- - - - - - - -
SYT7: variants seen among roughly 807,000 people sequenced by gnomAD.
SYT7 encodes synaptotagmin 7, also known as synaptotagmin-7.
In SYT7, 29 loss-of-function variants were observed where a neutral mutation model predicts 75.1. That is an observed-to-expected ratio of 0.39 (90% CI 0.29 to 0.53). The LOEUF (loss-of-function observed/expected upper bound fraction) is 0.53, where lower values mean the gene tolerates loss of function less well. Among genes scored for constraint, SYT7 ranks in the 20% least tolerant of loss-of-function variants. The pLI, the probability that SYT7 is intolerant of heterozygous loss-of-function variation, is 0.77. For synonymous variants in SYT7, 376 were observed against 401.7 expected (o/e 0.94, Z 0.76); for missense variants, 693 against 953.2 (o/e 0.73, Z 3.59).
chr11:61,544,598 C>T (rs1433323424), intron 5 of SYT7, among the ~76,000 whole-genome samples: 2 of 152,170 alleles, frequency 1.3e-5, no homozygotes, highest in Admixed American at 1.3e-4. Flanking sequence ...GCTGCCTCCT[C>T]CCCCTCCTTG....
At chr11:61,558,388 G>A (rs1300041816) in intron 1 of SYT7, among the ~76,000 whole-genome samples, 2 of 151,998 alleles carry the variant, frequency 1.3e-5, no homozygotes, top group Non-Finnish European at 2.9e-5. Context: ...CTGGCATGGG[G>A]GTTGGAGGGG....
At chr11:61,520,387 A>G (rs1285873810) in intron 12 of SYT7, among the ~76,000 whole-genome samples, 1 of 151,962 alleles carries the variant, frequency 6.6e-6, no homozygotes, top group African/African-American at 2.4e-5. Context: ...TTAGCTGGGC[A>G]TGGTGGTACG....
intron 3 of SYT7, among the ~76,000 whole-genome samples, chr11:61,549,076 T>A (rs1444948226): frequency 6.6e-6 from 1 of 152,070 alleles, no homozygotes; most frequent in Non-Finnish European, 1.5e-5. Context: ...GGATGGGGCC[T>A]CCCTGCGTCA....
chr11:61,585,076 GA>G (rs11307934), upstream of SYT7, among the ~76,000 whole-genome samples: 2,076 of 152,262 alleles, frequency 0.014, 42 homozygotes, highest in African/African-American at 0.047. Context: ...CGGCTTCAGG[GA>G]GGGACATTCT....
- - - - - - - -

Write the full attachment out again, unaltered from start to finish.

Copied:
SYT7: variants seen among roughly 807,000 people sequenced by gnomAD.
SYT7 encodes synaptotagmin 7, also known as synaptotagmin-7.
In SYT7, 29 loss-of-function variants were observed where a neutral mutation model predicts 75.1. That is an observed-to-expected ratio of 0.39 (90% CI 0.29 to 0.53). The LOEUF (loss-of-function observed/expected upper bound fraction) is 0.53, where lower values mean the gene tolerates loss of function less well. Among genes scored for constraint, SYT7 ranks in the 20% least tolerant of loss-of-function variants. The pLI, the probability that SYT7 is intolerant of heterozygous loss-of-function variation, is 0.77. For synonymous variants in SYT7, 376 were observed against 401.7 expected (o/e 0.94, Z 0.76); for missense variants, 693 against 953.2 (o/e 0.73, Z 3.59).
chr11:61,544,598 C>T (rs1433323424), intron 5 of SYT7, among the ~76,000 whole-genome samples: 2 of 152,170 alleles, frequency 1.3e-5, no homozygotes, highest in Admixed American at 1.3e-4. Flanking sequence ...GCTGCCTCCT[C>T]CCCCTCCTTG....
At chr11:61,558,388 G>A (rs1300041816) in intron 1 of SYT7, among the ~76,000 whole-genome samples, 2 of 151,998 alleles carry the variant, frequency 1.3e-5, no homozygotes, top group Non-Finnish European at 2.9e-5. Context: ...CTGGCATGGG[G>A]GTTGGAGGGG....
At chr11:61,520,387 A>G (rs1285873810) in intron 12 of SYT7, among the ~76,000 whole-genome samples, 1 of 151,962 alleles carries the variant, frequency 6.6e-6, no homozygotes, top group African/African-American at 2.4e-5. Context: ...TTAGCTGGGC[A>G]TGGTGGTACG....
intron 3 of SYT7, among the ~76,000 whole-genome samples, chr11:61,549,076 T>A (rs1444948226): frequency 6.6e-6 from 1 of 152,070 alleles, no homozygotes; most frequent in Non-Finnish European, 1.5e-5. Context: ...GGATGGGGCC[T>A]CCCTGCGTCA....
chr11:61,585,076 GA>G (rs11307934), upstream of SYT7, among the ~76,000 whole-genome samples: 2,076 of 152,262 alleles, frequency 0.014, 42 homozygotes, highest in African/African-American at 0.047. Context: ...CGGCTTCAGG[GA>G]GGGACATTCT....